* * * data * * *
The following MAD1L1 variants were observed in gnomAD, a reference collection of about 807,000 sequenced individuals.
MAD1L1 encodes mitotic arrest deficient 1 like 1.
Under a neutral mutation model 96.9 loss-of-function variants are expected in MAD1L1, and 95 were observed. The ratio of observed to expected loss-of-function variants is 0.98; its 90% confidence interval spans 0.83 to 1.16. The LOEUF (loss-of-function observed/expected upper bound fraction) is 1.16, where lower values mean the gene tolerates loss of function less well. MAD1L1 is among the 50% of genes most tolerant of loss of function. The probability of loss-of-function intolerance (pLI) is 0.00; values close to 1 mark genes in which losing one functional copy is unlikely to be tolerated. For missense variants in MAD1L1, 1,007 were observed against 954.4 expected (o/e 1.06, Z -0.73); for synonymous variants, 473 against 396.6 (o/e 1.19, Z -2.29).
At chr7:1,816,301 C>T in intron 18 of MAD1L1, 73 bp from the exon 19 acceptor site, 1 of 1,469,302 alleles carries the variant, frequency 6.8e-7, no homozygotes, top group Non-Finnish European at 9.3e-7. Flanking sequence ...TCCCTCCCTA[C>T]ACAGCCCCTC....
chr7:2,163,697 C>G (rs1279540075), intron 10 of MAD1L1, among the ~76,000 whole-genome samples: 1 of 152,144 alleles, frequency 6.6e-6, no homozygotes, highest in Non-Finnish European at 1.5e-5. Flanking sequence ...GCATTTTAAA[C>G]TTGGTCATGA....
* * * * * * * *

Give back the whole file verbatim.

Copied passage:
The following MAD1L1 variants were observed in gnomAD, a reference collection of about 807,000 sequenced individuals.
MAD1L1 encodes mitotic arrest deficient 1 like 1.
Under a neutral mutation model 96.9 loss-of-function variants are expected in MAD1L1, and 95 were observed. The ratio of observed to expected loss-of-function variants is 0.98; its 90% confidence interval spans 0.83 to 1.16. The LOEUF (loss-of-function observed/expected upper bound fraction) is 1.16, where lower values mean the gene tolerates loss of function less well. MAD1L1 is among the 50% of genes most tolerant of loss of function. The probability of loss-of-function intolerance (pLI) is 0.00; values close to 1 mark genes in which losing one functional copy is unlikely to be tolerated. For missense variants in MAD1L1, 1,007 were observed against 954.4 expected (o/e 1.06, Z -0.73); for synonymous variants, 473 against 396.6 (o/e 1.19, Z -2.29).
At chr7:1,816,301 C>T in intron 18 of MAD1L1, 73 bp from the exon 19 acceptor site, 1 of 1,469,302 alleles carries the variant, frequency 6.8e-7, no homozygotes, top group Non-Finnish European at 9.3e-7. Flanking sequence ...TCCCTCCCTA[C>T]ACAGCCCCTC....
chr7:2,163,697 C>G (rs1279540075), intron 10 of MAD1L1, among the ~76,000 whole-genome samples: 1 of 152,144 alleles, frequency 6.6e-6, no homozygotes, highest in Non-Finnish European at 1.5e-5. Flanking sequence ...GCATTTTAAA[C>G]TTGGTCATGA....